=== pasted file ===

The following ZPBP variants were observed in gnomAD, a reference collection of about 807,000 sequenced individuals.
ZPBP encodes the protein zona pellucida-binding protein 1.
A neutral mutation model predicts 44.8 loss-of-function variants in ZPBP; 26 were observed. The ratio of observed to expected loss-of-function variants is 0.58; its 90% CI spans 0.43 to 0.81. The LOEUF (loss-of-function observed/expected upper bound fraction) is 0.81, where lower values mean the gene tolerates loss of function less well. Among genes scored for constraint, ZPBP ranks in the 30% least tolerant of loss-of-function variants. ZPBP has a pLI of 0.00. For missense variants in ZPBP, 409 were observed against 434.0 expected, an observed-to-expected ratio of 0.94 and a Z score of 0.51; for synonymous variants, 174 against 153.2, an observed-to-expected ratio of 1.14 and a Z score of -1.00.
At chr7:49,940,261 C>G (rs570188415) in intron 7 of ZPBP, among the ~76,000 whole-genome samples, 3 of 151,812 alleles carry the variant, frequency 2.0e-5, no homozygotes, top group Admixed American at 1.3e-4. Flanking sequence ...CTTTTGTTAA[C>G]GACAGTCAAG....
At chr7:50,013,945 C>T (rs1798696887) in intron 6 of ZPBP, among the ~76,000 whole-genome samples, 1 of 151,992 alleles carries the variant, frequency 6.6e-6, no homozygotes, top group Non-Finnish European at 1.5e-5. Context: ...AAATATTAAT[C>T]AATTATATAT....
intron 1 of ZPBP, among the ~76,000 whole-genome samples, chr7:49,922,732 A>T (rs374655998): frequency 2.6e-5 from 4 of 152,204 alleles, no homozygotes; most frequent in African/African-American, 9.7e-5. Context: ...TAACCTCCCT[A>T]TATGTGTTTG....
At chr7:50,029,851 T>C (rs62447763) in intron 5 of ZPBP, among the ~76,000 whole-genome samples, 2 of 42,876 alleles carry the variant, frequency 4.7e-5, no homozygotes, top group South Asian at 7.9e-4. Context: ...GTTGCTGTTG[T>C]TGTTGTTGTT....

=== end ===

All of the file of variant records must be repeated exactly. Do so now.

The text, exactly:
The following ZPBP variants were observed in gnomAD, a reference collection of about 807,000 sequenced individuals.
ZPBP encodes the protein zona pellucida-binding protein 1.
A neutral mutation model predicts 44.8 loss-of-function variants in ZPBP; 26 were observed. The ratio of observed to expected loss-of-function variants is 0.58; its 90% CI spans 0.43 to 0.81. The LOEUF (loss-of-function observed/expected upper bound fraction) is 0.81, where lower values mean the gene tolerates loss of function less well. Among genes scored for constraint, ZPBP ranks in the 30% least tolerant of loss-of-function variants. ZPBP has a pLI of 0.00. For missense variants in ZPBP, 409 were observed against 434.0 expected, an observed-to-expected ratio of 0.94 and a Z score of 0.51; for synonymous variants, 174 against 153.2, an observed-to-expected ratio of 1.14 and a Z score of -1.00.
At chr7:49,940,261 C>G (rs570188415) in intron 7 of ZPBP, among the ~76,000 whole-genome samples, 3 of 151,812 alleles carry the variant, frequency 2.0e-5, no homozygotes, top group Admixed American at 1.3e-4. Flanking sequence ...CTTTTGTTAA[C>G]GACAGTCAAG....
At chr7:50,013,945 C>T (rs1798696887) in intron 6 of ZPBP, among the ~76,000 whole-genome samples, 1 of 151,992 alleles carries the variant, frequency 6.6e-6, no homozygotes, top group Non-Finnish European at 1.5e-5. Context: ...AAATATTAAT[C>T]AATTATATAT....
intron 1 of ZPBP, among the ~76,000 whole-genome samples, chr7:49,922,732 A>T (rs374655998): frequency 2.6e-5 from 4 of 152,204 alleles, no homozygotes; most frequent in African/African-American, 9.7e-5. Context: ...TAACCTCCCT[A>T]TATGTGTTTG....
At chr7:50,029,851 T>C (rs62447763) in intron 5 of ZPBP, among the ~76,000 whole-genome samples, 2 of 42,876 alleles carry the variant, frequency 4.7e-5, no homozygotes, top group South Asian at 7.9e-4. Context: ...GTTGCTGTTG[T>C]TGTTGTTGTT....